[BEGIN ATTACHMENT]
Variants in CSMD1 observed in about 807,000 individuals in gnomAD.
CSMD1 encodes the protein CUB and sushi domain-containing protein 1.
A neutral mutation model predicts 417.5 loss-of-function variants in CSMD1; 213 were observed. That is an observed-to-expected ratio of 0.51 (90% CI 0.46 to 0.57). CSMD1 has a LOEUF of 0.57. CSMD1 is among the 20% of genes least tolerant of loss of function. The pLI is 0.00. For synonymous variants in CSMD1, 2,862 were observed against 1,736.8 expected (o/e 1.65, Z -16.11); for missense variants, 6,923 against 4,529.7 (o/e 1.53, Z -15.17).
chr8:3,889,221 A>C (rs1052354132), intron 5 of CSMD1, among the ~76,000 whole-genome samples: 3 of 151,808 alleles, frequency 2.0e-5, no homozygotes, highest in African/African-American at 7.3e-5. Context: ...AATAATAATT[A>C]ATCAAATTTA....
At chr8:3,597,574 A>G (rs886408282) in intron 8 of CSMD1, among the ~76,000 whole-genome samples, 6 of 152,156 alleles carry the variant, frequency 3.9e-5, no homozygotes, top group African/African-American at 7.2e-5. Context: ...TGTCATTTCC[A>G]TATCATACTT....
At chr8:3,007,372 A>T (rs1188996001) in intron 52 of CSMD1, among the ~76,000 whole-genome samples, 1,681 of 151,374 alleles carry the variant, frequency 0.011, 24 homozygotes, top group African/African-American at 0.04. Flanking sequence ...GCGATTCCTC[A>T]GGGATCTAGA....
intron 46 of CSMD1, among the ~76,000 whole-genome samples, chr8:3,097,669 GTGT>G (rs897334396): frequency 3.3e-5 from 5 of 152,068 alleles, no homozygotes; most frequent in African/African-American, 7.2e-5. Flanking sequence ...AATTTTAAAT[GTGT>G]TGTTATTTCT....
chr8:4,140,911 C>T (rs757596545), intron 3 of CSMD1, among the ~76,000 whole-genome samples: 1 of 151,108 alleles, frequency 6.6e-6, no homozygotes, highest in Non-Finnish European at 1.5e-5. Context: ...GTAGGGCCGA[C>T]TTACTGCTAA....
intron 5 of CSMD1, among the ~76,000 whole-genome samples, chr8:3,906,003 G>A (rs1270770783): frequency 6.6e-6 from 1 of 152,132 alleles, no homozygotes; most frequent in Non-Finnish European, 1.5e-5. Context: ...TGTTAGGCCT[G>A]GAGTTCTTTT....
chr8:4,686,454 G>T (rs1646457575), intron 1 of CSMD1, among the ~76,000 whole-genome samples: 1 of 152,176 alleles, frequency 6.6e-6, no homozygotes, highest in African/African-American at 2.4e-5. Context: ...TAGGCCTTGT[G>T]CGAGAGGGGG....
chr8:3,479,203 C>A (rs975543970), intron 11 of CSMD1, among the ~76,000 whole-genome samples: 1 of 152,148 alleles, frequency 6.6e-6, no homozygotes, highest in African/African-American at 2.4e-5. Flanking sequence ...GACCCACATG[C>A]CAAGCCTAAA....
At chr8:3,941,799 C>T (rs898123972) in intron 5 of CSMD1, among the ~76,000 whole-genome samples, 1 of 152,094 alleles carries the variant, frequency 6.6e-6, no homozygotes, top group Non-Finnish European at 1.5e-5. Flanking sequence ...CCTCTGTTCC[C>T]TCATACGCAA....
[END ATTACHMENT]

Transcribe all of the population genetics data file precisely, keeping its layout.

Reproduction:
Variants in CSMD1 observed in about 807,000 individuals in gnomAD.
CSMD1 encodes the protein CUB and sushi domain-containing protein 1.
A neutral mutation model predicts 417.5 loss-of-function variants in CSMD1; 213 were observed. That is an observed-to-expected ratio of 0.51 (90% CI 0.46 to 0.57). CSMD1 has a LOEUF of 0.57. CSMD1 is among the 20% of genes least tolerant of loss of function. The pLI is 0.00. For synonymous variants in CSMD1, 2,862 were observed against 1,736.8 expected (o/e 1.65, Z -16.11); for missense variants, 6,923 against 4,529.7 (o/e 1.53, Z -15.17).
chr8:3,889,221 A>C (rs1052354132), intron 5 of CSMD1, among the ~76,000 whole-genome samples: 3 of 151,808 alleles, frequency 2.0e-5, no homozygotes, highest in African/African-American at 7.3e-5. Context: ...AATAATAATT[A>C]ATCAAATTTA....
At chr8:3,597,574 A>G (rs886408282) in intron 8 of CSMD1, among the ~76,000 whole-genome samples, 6 of 152,156 alleles carry the variant, frequency 3.9e-5, no homozygotes, top group African/African-American at 7.2e-5. Context: ...TGTCATTTCC[A>G]TATCATACTT....
At chr8:3,007,372 A>T (rs1188996001) in intron 52 of CSMD1, among the ~76,000 whole-genome samples, 1,681 of 151,374 alleles carry the variant, frequency 0.011, 24 homozygotes, top group African/African-American at 0.04. Flanking sequence ...GCGATTCCTC[A>T]GGGATCTAGA....
intron 46 of CSMD1, among the ~76,000 whole-genome samples, chr8:3,097,669 GTGT>G (rs897334396): frequency 3.3e-5 from 5 of 152,068 alleles, no homozygotes; most frequent in African/African-American, 7.2e-5. Flanking sequence ...AATTTTAAAT[GTGT>G]TGTTATTTCT....
chr8:4,140,911 C>T (rs757596545), intron 3 of CSMD1, among the ~76,000 whole-genome samples: 1 of 151,108 alleles, frequency 6.6e-6, no homozygotes, highest in Non-Finnish European at 1.5e-5. Context: ...GTAGGGCCGA[C>T]TTACTGCTAA....
intron 5 of CSMD1, among the ~76,000 whole-genome samples, chr8:3,906,003 G>A (rs1270770783): frequency 6.6e-6 from 1 of 152,132 alleles, no homozygotes; most frequent in Non-Finnish European, 1.5e-5. Context: ...TGTTAGGCCT[G>A]GAGTTCTTTT....
chr8:4,686,454 G>T (rs1646457575), intron 1 of CSMD1, among the ~76,000 whole-genome samples: 1 of 152,176 alleles, frequency 6.6e-6, no homozygotes, highest in African/African-American at 2.4e-5. Context: ...TAGGCCTTGT[G>T]CGAGAGGGGG....
chr8:3,479,203 C>A (rs975543970), intron 11 of CSMD1, among the ~76,000 whole-genome samples: 1 of 152,148 alleles, frequency 6.6e-6, no homozygotes, highest in African/African-American at 2.4e-5. Flanking sequence ...GACCCACATG[C>A]CAAGCCTAAA....
At chr8:3,941,799 C>T (rs898123972) in intron 5 of CSMD1, among the ~76,000 whole-genome samples, 1 of 152,094 alleles carries the variant, frequency 6.6e-6, no homozygotes, top group Non-Finnish European at 1.5e-5. Flanking sequence ...CCTCTGTTCC[C>T]TCATACGCAA....